Mary Cassatt

Mary Cassatt was a impressionist printmaker and painter from Allegheny City; what is now Philadelphia, Pennsylvania. Like most children in her town, growing up in a wealthy family allowed Mary to travel overseas as part of her studies at the young of 6 years old. While abroad, Mary was fortunately introduced to art through her schooling at an early age. As Mary studied the German and French language while in France, she also had lessons in art. At 11 years old, during the annual Paris Worlds Fair in 1855, Mary was privileged enough to meet artists Jean-Auguste-Dominique Ingres, Eugene Delacroix, Jean-Baptiste-Camille Corot, and Gustave Courbet. As Mary grew older and her knowledge of art expanded she became exposed to French impressionist artists that inspired her all throughout her young adulthood. After Returning to the United States she continued to practice art and painting despite the objection of her father. At the tender age of 15 without the support of her parents, Mary enrolled in the Pennsylvania Academy of Fine Arts and continued her studies all throughout the American Civil War. Though Mary found great joy when studying and creating art, she left the academy because of the school's misogynistic views. In the year 1866 Mary was offered the opportunity to be flown to Paris to live and create great paintings. Like the P.A. Academy of Fine Arts, misogyny was no stranger to French art schools and many women weren't allowed to study at all. Because of Mary's determination to become a thriving impressionist painter she sought after art masters to study under. For years Mary studied her craft, making no profit whatsoever but her undying passion for creating art remained. Because Mary was a devout feminist, the vast majority of her paintings depicted strong women in their public or private lives; more often mothers nurturing their young children. There is no denying Mary Cassatt's influence on future female painters and despite the many obstacles she faced, she remained true to herself and the perfect feminist role model.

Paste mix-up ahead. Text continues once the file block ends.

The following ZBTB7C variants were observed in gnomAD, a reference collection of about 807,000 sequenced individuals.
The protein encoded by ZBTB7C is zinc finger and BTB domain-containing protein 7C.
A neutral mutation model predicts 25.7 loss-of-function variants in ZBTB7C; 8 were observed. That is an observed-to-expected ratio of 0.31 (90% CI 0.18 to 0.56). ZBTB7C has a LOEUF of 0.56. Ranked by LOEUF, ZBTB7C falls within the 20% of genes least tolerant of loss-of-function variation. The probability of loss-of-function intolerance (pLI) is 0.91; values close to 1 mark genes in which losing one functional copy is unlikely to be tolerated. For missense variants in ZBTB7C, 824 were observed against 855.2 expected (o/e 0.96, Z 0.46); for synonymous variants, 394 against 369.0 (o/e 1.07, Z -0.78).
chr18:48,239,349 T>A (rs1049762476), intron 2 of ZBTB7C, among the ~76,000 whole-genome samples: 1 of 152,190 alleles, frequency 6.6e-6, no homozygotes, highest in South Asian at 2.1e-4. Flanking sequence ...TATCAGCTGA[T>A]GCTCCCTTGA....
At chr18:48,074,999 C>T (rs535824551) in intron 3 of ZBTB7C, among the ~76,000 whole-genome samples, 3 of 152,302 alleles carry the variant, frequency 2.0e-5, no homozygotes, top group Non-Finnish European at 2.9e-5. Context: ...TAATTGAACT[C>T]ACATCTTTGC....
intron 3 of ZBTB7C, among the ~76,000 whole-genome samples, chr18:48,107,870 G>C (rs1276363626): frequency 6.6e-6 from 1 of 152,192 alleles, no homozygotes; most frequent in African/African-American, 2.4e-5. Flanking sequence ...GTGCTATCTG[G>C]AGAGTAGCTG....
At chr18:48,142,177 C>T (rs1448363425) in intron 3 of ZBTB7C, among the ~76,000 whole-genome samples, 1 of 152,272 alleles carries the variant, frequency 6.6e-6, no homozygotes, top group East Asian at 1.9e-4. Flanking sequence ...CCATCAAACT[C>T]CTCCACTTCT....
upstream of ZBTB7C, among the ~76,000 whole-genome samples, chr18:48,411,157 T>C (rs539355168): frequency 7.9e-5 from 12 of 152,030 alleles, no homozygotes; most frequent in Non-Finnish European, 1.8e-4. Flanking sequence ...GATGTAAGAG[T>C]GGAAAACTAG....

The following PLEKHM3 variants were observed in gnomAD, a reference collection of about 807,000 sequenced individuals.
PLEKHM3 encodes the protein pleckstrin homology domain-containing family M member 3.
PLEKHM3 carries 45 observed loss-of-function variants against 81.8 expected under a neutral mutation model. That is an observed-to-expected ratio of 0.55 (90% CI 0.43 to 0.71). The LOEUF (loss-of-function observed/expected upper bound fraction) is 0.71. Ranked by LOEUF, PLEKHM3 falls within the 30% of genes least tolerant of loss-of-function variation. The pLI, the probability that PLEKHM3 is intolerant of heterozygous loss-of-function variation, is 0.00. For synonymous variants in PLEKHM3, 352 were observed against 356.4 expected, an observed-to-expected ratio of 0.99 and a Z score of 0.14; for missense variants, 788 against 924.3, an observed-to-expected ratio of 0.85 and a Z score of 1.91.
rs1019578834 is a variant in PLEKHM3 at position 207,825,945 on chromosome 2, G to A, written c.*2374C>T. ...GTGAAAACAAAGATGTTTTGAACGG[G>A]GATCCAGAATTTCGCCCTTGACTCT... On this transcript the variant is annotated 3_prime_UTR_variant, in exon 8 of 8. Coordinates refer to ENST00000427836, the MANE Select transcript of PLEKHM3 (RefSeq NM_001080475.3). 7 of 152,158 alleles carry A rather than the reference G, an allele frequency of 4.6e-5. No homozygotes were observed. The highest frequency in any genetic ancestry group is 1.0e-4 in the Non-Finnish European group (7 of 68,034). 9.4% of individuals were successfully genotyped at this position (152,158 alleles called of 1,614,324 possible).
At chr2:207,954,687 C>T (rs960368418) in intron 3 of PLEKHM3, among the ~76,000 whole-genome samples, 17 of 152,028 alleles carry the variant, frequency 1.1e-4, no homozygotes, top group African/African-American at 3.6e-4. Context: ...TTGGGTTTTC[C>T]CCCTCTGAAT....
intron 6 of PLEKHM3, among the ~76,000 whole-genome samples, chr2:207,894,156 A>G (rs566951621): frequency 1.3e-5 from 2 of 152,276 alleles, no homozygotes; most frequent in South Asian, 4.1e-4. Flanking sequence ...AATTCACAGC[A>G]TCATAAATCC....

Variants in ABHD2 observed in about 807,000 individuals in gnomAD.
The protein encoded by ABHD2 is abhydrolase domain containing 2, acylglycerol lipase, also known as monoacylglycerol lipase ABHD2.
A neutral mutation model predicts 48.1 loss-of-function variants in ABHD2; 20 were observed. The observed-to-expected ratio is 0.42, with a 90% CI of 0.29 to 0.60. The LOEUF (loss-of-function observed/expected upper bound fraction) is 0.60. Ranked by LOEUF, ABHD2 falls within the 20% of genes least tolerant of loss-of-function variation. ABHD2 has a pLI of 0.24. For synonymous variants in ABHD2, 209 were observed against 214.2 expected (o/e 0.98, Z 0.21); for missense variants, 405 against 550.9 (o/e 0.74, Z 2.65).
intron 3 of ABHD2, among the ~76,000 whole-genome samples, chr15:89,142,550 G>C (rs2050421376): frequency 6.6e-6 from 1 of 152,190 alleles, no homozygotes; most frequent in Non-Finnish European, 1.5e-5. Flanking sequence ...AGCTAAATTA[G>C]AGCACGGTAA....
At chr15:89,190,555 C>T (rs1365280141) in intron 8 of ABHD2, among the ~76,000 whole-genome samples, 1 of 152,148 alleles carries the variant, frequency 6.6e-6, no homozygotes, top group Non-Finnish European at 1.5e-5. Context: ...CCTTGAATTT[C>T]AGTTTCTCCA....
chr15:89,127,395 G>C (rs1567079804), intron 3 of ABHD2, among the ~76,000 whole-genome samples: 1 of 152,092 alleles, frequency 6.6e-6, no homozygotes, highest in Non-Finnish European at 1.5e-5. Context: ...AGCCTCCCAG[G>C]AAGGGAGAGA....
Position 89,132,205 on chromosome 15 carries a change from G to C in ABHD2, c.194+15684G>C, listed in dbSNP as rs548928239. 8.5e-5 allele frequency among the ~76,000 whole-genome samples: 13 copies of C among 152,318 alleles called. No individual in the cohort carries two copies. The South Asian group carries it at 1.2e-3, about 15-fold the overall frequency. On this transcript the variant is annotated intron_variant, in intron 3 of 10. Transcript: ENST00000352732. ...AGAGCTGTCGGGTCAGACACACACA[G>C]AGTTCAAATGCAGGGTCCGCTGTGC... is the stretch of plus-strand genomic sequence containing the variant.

The Painting, "A Woman and a Girl Driving", just as the title describes, depicts a woman with a young female child driving a horse and carriage through what seems to be the woods or a park. If you've read about Mary Cassatt you'd know that she was a devout feminist so painting what looks to be a matriarchal family was of great importance to her. It is clear that she wanted onlookers to view women as equals to men.
Not much known of the history of this painting, but it appears as if Mary used short, thick brush strokes when applying the paint to the background, cheek, and neck area of the face. Towards the nose, eyes and forehead area it looks like she applied a stippling motion.
Although Mary's aesthetic was women and the relationship they had with their children, Mary no her sister Lydia ever married and had children of their own. Their consensus was that children and marriage would conflict with Mary's art profession.
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